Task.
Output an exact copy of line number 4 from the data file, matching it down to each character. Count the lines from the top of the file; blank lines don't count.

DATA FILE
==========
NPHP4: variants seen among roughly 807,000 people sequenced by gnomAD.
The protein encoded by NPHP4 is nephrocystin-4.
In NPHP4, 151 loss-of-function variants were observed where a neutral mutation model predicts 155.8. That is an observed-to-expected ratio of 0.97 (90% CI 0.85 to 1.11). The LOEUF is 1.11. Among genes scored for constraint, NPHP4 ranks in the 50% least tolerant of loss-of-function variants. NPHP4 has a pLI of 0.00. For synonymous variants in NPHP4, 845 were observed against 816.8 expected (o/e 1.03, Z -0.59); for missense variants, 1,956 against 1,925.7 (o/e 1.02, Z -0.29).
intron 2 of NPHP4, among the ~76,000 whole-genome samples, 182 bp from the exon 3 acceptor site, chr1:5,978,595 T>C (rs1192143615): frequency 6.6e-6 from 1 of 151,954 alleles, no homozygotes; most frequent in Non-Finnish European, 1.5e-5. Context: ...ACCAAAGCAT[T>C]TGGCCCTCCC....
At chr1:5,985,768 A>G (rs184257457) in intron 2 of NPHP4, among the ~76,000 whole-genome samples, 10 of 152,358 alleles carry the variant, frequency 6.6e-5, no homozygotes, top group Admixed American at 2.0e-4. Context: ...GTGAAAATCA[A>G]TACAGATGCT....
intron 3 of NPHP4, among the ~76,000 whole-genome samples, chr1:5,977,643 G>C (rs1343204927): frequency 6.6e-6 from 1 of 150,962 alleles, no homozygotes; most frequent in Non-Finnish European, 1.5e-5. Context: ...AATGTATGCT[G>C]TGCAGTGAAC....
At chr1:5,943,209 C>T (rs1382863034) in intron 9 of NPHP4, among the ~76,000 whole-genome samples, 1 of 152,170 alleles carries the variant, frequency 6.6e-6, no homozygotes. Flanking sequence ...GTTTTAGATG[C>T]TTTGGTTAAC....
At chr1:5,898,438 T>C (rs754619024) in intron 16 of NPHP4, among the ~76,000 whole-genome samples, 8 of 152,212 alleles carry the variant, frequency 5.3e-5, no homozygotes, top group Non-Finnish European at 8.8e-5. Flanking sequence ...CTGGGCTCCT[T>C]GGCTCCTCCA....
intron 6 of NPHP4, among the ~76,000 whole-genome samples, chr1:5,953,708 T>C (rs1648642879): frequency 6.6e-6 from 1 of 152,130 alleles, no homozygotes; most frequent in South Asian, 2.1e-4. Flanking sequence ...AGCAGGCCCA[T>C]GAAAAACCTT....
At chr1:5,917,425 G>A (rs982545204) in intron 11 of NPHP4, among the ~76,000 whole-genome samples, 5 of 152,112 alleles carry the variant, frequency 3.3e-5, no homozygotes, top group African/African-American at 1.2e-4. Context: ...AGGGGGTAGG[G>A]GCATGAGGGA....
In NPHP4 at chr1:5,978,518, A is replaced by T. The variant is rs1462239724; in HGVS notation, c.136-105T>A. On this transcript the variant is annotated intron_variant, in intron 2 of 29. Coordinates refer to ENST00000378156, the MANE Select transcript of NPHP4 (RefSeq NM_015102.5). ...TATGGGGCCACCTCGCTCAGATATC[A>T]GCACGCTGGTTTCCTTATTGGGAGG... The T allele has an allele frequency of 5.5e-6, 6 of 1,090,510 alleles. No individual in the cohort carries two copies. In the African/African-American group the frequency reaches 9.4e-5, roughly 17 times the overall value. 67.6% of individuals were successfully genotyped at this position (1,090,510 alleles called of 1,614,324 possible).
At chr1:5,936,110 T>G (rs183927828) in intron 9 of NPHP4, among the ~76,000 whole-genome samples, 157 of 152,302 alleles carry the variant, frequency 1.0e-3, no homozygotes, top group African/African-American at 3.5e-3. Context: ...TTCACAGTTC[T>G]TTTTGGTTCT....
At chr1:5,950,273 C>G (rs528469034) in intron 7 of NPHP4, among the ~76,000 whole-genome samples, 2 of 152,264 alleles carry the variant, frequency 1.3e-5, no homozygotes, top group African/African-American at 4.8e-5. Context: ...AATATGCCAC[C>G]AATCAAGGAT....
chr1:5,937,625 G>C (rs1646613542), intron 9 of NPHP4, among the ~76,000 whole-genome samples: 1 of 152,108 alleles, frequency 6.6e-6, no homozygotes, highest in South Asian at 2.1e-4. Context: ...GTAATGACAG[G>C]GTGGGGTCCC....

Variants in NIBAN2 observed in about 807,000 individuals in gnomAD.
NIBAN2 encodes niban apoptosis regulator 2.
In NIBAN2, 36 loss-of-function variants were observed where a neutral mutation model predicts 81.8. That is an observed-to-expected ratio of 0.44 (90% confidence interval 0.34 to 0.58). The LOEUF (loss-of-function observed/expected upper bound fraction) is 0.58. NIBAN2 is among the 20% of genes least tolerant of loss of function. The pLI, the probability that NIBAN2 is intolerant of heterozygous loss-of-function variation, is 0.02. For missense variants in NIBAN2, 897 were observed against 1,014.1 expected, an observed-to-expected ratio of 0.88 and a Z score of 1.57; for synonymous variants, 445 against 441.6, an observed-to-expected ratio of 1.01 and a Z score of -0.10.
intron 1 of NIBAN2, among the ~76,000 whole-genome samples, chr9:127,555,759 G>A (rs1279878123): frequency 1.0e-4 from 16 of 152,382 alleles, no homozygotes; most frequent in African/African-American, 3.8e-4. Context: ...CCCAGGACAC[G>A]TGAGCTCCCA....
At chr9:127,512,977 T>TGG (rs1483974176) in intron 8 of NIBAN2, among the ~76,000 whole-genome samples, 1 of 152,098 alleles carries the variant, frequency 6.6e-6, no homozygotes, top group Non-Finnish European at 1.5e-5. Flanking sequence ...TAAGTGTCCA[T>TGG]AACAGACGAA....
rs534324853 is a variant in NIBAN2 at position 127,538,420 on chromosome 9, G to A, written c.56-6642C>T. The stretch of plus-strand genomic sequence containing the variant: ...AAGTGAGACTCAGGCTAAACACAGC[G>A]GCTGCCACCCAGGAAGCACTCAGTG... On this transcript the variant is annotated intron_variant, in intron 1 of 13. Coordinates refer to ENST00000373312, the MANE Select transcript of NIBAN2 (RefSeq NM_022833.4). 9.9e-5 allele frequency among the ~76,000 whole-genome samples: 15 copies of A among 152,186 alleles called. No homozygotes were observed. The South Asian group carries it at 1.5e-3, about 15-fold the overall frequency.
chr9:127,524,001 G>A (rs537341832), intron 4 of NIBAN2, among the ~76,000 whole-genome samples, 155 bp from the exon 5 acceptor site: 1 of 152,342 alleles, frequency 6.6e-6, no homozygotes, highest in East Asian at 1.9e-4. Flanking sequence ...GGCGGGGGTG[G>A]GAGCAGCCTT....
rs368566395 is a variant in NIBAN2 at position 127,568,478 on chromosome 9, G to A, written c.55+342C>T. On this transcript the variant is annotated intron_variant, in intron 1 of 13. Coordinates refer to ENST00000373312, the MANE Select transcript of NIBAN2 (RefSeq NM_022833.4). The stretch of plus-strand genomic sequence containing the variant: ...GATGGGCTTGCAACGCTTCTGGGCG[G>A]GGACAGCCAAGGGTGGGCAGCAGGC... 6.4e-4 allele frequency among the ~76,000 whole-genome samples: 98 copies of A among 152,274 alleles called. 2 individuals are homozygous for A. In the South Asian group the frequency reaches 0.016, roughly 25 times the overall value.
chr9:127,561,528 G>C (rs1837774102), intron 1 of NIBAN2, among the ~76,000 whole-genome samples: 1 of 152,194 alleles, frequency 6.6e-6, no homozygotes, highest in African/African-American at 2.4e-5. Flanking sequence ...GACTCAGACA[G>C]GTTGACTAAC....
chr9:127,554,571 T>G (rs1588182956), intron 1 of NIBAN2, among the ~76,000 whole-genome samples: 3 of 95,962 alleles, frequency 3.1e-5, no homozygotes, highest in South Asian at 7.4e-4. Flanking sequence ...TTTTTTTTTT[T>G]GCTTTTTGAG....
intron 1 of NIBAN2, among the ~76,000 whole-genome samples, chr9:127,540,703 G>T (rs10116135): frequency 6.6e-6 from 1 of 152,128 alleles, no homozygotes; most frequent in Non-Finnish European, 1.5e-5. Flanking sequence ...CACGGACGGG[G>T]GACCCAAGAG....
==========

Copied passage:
intron 2 of NPHP4, among the ~76,000 whole-genome samples, 182 bp from the exon 3 acceptor site, chr1:5,978,595 T>C (rs1192143615): frequency 6.6e-6 from 1 of 151,954 alleles, no homozygotes; most frequent in Non-Finnish European, 1.5e-5. Context: ...ACCAAAGCAT[T>C]TGGCCCTCCC....